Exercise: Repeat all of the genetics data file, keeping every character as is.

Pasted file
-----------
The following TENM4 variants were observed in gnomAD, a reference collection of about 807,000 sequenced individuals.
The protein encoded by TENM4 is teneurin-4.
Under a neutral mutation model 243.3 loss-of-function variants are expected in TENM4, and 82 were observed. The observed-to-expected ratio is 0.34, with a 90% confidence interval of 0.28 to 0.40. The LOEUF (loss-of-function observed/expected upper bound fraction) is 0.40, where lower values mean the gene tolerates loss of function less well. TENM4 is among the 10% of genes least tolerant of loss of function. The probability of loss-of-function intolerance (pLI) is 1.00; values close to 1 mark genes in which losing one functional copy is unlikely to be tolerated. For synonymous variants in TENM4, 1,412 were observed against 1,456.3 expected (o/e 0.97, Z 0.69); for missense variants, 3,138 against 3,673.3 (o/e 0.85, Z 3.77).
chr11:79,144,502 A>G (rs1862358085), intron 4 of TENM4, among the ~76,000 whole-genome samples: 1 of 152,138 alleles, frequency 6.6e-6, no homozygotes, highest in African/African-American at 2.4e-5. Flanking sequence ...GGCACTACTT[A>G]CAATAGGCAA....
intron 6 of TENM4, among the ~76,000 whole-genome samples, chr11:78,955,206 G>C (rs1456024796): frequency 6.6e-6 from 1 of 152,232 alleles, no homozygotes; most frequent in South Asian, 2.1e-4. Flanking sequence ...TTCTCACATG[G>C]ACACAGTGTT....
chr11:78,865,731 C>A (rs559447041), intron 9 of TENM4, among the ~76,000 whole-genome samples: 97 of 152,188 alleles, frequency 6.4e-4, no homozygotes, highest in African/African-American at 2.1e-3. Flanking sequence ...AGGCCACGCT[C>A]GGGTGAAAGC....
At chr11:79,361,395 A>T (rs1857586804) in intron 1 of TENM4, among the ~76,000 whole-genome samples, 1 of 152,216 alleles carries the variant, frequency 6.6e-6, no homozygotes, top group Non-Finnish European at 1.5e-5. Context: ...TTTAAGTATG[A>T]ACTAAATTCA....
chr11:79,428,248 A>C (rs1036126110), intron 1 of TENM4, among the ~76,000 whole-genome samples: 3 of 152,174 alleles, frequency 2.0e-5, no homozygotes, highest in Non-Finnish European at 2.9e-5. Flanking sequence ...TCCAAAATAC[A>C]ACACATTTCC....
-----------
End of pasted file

The following TENM4 variants were observed in gnomAD, a reference collection of about 807,000 sequenced individuals.
The protein encoded by TENM4 is teneurin-4.
Under a neutral mutation model 243.3 loss-of-function variants are expected in TENM4, and 82 were observed. The observed-to-expected ratio is 0.34, with a 90% confidence interval of 0.28 to 0.40. The LOEUF (loss-of-function observed/expected upper bound fraction) is 0.40, where lower values mean the gene tolerates loss of function less well. TENM4 is among the 10% of genes least tolerant of loss of function. The probability of loss-of-function intolerance (pLI) is 1.00; values close to 1 mark genes in which losing one functional copy is unlikely to be tolerated. For synonymous variants in TENM4, 1,412 were observed against 1,456.3 expected (o/e 0.97, Z 0.69); for missense variants, 3,138 against 3,673.3 (o/e 0.85, Z 3.77).
chr11:79,144,502 A>G (rs1862358085), intron 4 of TENM4, among the ~76,000 whole-genome samples: 1 of 152,138 alleles, frequency 6.6e-6, no homozygotes, highest in African/African-American at 2.4e-5. Flanking sequence ...GGCACTACTT[A>G]CAATAGGCAA....
intron 6 of TENM4, among the ~76,000 whole-genome samples, chr11:78,955,206 G>C (rs1456024796): frequency 6.6e-6 from 1 of 152,232 alleles, no homozygotes; most frequent in South Asian, 2.1e-4. Flanking sequence ...TTCTCACATG[G>C]ACACAGTGTT....
chr11:78,865,731 C>A (rs559447041), intron 9 of TENM4, among the ~76,000 whole-genome samples: 97 of 152,188 alleles, frequency 6.4e-4, no homozygotes, highest in African/African-American at 2.1e-3. Flanking sequence ...AGGCCACGCT[C>A]GGGTGAAAGC....
At chr11:79,361,395 A>T (rs1857586804) in intron 1 of TENM4, among the ~76,000 whole-genome samples, 1 of 152,216 alleles carries the variant, frequency 6.6e-6, no homozygotes, top group Non-Finnish European at 1.5e-5. Context: ...TTTAAGTATG[A>T]ACTAAATTCA....
chr11:79,428,248 A>C (rs1036126110), intron 1 of TENM4, among the ~76,000 whole-genome samples: 3 of 152,174 alleles, frequency 2.0e-5, no homozygotes, highest in Non-Finnish European at 2.9e-5. Flanking sequence ...TCCAAAATAC[A>C]ACACATTTCC....